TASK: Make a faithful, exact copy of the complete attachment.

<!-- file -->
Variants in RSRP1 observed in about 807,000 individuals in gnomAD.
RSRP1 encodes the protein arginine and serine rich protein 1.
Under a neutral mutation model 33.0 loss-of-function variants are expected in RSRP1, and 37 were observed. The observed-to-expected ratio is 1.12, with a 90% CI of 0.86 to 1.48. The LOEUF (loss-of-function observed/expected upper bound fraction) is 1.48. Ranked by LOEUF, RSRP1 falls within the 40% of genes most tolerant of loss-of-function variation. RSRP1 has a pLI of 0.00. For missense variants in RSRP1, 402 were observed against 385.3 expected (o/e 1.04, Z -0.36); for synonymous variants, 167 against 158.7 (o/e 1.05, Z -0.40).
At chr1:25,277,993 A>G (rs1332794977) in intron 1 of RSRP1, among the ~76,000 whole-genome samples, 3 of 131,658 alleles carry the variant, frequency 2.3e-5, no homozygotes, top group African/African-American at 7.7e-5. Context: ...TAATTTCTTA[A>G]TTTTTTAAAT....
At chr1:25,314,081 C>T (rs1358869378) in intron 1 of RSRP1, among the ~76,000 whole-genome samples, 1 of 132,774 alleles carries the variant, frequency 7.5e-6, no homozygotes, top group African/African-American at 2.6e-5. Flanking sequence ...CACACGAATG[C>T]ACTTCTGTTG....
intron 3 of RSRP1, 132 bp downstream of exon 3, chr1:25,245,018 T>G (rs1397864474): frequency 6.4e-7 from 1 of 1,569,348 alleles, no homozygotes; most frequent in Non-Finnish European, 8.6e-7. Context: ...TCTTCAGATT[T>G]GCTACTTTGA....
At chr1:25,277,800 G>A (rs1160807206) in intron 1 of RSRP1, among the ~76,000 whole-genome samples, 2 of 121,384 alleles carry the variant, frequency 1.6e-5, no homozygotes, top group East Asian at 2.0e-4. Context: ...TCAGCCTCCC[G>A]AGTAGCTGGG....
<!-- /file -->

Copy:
Variants in RSRP1 observed in about 807,000 individuals in gnomAD.
RSRP1 encodes the protein arginine and serine rich protein 1.
Under a neutral mutation model 33.0 loss-of-function variants are expected in RSRP1, and 37 were observed. The observed-to-expected ratio is 1.12, with a 90% CI of 0.86 to 1.48. The LOEUF (loss-of-function observed/expected upper bound fraction) is 1.48. Ranked by LOEUF, RSRP1 falls within the 40% of genes most tolerant of loss-of-function variation. RSRP1 has a pLI of 0.00. For missense variants in RSRP1, 402 were observed against 385.3 expected (o/e 1.04, Z -0.36); for synonymous variants, 167 against 158.7 (o/e 1.05, Z -0.40).
At chr1:25,277,993 A>G (rs1332794977) in intron 1 of RSRP1, among the ~76,000 whole-genome samples, 3 of 131,658 alleles carry the variant, frequency 2.3e-5, no homozygotes, top group African/African-American at 7.7e-5. Context: ...TAATTTCTTA[A>G]TTTTTTAAAT....
At chr1:25,314,081 C>T (rs1358869378) in intron 1 of RSRP1, among the ~76,000 whole-genome samples, 1 of 132,774 alleles carries the variant, frequency 7.5e-6, no homozygotes, top group African/African-American at 2.6e-5. Flanking sequence ...CACACGAATG[C>T]ACTTCTGTTG....
intron 3 of RSRP1, 132 bp downstream of exon 3, chr1:25,245,018 T>G (rs1397864474): frequency 6.4e-7 from 1 of 1,569,348 alleles, no homozygotes; most frequent in Non-Finnish European, 8.6e-7. Context: ...TCTTCAGATT[T>G]GCTACTTTGA....
At chr1:25,277,800 G>A (rs1160807206) in intron 1 of RSRP1, among the ~76,000 whole-genome samples, 2 of 121,384 alleles carry the variant, frequency 1.6e-5, no homozygotes, top group East Asian at 2.0e-4. Context: ...TCAGCCTCCC[G>A]AGTAGCTGGG....